Dawson more awesome still
EAGLE COUNTY – He’s bracing himself for the onslaught of playful derision he’ll get from his friends in two weeks when his face appears on a box of Frosted Flakes.And then there’s going to be the nationally aired commercial of him tackling a mogul field with Tony the Tiger. That will also call for comment.”It will be funny,” said Toby Dawson, Vail’s premier freestyle skier. “I’ve done the yogurt lids before, but this will be my first cereal box. It’s the ultimate (exposure) and everything, but at the same time, you get all of your buddies giving you a hard time on Email. I haven’t seen (the commercial) yet, but I’m sure Tony the Tiger gets put in there somewhere.”
Dawson, who turns 27 on Nov. 30, doesn’t have much left to accomplish in his ski career. Just a small dose of success in the Winter Olympics this February in Italy, and he might be ready to put his skis away and retire to life on the golf course.”I’ve won World Cups. I’ve won a World Championship. My last goal is to do well in the Olympics, of course,” said Dawson, who was born in South Korea but adopted and raised in Vail, where he was on skis from the time he was a toddler.”I love the sport and all,” he said of moguls competition, “but there are so many other things I want to do.”Even when faced with adversity, Dawson, who won the dual moguls world championship last year despite being on the mend with a broken foot, has proven that he can do just about anything he wants on a moguls course. Over the last few weeks, he has been training harder than he ever has in his life, going to the gym twice a day and “cleaning up some tricks” at Copper Mountain every afternoon.
“I’ve healed up a lot and I’ve trained my butt off this year,” he said. “My skill level is a lot higher even than I anticipated. My turn technique just went through the roof this summer. My jumping has come together. As long as I ski my runs, it should absolutely be no problem.”Leg up, laid up, no matter ..Dawson is carrying a large metal screw around in his left foot, a provision to help it remain stable while enduring the pounding of countless jolts through mogul fields and landing off jumps. He said he can’t even feel it.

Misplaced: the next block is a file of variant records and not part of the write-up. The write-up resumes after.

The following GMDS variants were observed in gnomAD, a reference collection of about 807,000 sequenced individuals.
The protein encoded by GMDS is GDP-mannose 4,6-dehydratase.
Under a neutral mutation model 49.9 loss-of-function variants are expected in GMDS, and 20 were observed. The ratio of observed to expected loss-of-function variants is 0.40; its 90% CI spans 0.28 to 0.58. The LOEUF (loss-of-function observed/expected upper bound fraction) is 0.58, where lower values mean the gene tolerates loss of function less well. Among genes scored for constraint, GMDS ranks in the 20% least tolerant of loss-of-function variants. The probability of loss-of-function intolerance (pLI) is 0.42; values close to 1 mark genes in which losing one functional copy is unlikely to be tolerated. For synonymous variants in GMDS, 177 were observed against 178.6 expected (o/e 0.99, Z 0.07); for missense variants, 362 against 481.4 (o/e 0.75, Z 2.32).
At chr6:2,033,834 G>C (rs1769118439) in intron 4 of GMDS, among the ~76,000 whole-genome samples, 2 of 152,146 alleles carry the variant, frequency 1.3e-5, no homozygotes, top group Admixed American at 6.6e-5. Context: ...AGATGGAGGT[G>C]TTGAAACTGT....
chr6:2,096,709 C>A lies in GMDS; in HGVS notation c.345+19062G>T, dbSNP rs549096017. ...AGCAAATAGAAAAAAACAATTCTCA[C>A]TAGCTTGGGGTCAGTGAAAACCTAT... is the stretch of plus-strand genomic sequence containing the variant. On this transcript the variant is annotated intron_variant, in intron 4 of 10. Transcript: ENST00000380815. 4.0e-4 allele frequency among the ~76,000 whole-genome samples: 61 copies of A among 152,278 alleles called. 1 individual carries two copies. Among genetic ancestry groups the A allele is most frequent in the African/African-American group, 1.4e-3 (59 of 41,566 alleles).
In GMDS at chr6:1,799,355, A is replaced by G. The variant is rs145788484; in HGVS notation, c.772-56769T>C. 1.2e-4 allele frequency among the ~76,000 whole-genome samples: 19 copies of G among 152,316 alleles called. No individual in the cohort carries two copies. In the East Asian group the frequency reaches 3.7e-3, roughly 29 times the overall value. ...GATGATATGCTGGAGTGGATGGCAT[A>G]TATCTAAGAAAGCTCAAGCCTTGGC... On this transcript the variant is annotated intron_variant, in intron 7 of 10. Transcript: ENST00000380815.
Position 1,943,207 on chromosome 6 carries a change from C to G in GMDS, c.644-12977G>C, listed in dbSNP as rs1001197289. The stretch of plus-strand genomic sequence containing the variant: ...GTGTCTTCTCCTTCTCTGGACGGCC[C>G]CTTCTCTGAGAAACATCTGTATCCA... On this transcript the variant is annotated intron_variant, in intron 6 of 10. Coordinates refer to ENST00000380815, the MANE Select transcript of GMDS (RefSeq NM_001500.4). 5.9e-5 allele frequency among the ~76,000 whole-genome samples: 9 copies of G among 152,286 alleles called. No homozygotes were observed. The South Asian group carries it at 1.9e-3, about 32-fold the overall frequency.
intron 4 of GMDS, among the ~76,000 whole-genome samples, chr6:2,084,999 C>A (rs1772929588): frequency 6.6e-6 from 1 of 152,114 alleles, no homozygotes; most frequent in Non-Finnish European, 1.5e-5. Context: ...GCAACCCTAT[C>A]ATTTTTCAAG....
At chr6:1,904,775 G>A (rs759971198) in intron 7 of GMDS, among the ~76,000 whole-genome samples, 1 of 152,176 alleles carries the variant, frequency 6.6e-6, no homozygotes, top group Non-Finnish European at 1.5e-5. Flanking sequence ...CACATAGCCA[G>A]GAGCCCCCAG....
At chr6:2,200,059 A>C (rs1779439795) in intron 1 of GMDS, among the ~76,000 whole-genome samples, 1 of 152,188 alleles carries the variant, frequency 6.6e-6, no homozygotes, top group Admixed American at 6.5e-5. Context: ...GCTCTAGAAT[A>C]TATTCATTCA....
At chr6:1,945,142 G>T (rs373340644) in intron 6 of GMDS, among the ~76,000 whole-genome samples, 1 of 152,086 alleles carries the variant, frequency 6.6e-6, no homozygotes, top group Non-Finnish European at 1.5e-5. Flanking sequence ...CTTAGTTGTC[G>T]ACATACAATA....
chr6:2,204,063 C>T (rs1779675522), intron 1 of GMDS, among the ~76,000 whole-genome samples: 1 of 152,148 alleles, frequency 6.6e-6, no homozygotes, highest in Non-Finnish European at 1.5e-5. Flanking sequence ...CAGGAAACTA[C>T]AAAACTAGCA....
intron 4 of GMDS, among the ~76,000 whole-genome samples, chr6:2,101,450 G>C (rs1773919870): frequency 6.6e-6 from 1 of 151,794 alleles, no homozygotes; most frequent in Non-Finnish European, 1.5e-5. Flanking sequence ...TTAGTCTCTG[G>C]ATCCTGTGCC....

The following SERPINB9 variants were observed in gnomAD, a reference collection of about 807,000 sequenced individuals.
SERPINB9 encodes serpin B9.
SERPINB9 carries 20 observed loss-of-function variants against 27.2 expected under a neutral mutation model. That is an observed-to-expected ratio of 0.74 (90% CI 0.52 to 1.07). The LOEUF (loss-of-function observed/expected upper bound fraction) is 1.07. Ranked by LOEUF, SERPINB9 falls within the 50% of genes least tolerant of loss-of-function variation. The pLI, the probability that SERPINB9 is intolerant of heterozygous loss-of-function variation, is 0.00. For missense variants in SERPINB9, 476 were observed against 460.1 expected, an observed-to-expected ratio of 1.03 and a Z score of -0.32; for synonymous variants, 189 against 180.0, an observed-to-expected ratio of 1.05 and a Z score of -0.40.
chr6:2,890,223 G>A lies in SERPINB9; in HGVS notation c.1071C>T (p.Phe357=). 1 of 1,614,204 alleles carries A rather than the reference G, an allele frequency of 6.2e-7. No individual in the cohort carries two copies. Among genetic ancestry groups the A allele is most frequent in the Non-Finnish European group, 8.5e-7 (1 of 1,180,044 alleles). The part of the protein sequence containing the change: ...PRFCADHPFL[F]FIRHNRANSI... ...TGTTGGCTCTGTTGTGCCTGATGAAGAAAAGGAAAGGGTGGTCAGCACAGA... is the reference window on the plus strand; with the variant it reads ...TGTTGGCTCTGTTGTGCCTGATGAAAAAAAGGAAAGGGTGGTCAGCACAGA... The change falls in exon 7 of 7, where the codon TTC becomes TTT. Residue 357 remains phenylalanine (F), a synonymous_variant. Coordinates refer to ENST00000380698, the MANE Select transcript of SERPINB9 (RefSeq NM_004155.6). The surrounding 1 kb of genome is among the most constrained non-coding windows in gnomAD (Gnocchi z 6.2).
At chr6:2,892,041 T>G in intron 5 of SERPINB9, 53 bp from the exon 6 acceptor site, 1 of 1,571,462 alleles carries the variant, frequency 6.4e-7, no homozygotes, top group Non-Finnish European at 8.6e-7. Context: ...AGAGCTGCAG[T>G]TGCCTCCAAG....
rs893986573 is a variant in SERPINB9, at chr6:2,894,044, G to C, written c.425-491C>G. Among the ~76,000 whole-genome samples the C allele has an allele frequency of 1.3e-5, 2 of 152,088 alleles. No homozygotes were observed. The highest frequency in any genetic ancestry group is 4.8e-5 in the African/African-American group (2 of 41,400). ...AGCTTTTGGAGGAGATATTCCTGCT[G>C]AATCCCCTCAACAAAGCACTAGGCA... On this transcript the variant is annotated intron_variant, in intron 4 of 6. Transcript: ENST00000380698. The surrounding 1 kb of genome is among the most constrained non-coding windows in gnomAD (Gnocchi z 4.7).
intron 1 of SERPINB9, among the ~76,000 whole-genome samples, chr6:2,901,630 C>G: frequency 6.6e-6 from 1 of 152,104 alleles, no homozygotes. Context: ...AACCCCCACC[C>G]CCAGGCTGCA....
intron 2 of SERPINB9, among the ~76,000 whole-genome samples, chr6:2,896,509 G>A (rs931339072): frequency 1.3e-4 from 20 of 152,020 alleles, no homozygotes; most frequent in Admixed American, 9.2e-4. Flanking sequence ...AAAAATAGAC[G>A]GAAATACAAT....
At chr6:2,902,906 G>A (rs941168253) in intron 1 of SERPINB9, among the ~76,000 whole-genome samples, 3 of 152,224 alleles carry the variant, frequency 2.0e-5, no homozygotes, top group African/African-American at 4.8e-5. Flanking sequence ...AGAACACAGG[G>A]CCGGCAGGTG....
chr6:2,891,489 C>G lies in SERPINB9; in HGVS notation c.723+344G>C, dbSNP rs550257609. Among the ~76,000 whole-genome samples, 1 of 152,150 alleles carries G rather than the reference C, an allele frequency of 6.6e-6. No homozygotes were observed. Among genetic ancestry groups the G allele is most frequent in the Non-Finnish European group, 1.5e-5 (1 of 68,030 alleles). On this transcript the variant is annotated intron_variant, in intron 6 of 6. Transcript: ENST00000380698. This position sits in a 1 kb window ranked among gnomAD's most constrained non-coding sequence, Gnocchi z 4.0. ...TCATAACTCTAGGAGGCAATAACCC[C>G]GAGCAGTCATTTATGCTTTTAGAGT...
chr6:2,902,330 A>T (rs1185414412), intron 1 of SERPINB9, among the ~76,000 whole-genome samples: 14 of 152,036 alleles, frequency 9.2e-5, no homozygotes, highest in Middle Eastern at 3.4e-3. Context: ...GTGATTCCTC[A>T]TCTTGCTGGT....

“It’s more weird than anything else,” he said. “I’m used to little, minor pains here and there, but now my body feels strong. It’s strange. I can’t concentrate unless there’s something hurting.”Last season, Dawson showed the world that he doesn’t need to be in top condition to land on the podium. Just 14 days after surgery on his broken foot, he won the first run and took third place at the World Cup dual moguls contest in Deer Valley, Utah. He was discouraged by the organizing committee from taking numbing agents, so he simply ate up the pain along with the bumps. It makes one wonder what he’ll be capable of this season when he’s in perfect health.”Winning the first run (at Deer Valley) opened some people’s eyes,” he said. “I basically skied on one foot. With the adrenaline I was pumping and everything else it was … um, pretty miserable still. But you bite your lip and it’s only, you know, 24, 25 seconds. My doctor wasn’t real impressed. But he also knew I wanted to get out there as soon as possible. He did what he could do and put me back together. For about a month, after I’d finish my runs, I’d get back on my crutches.”
Dawson spends every summer doing peer counseling for adopted Korean children in Granby, and has helped globalize freestyle skiing in South Korea, where he has helped organize a World Cup event this season, slated for March 1, following the Olympics. Dawson has six World Cup moguls victories and many more podiums. He barely missed the overall title in 2004. As to taking home an Olympic medal this February, Dawson said he doesn’t set his aspirations specifically on this aim.”My athletic goals are just to ski the way I train,” he said. “I train at such a high level. If I ski the way I train in competition, it should be no problem to be on top of the podium. You start to learn that the way you set your goals up are more on things you can control – how you ski, how you perceive your run – rather than, ‘I’m going to go out and get a medal.’ Those are things you can’t really control. I know for a fact that if I put down an 80-percent run, I’ll probably be somewhere on the podium. Anything above 80, I’ll probably be on the top.”Sports Writer Shauna Farnell can be reached at 949-0555, ext.14632, or email@example.com. Vail, Colorado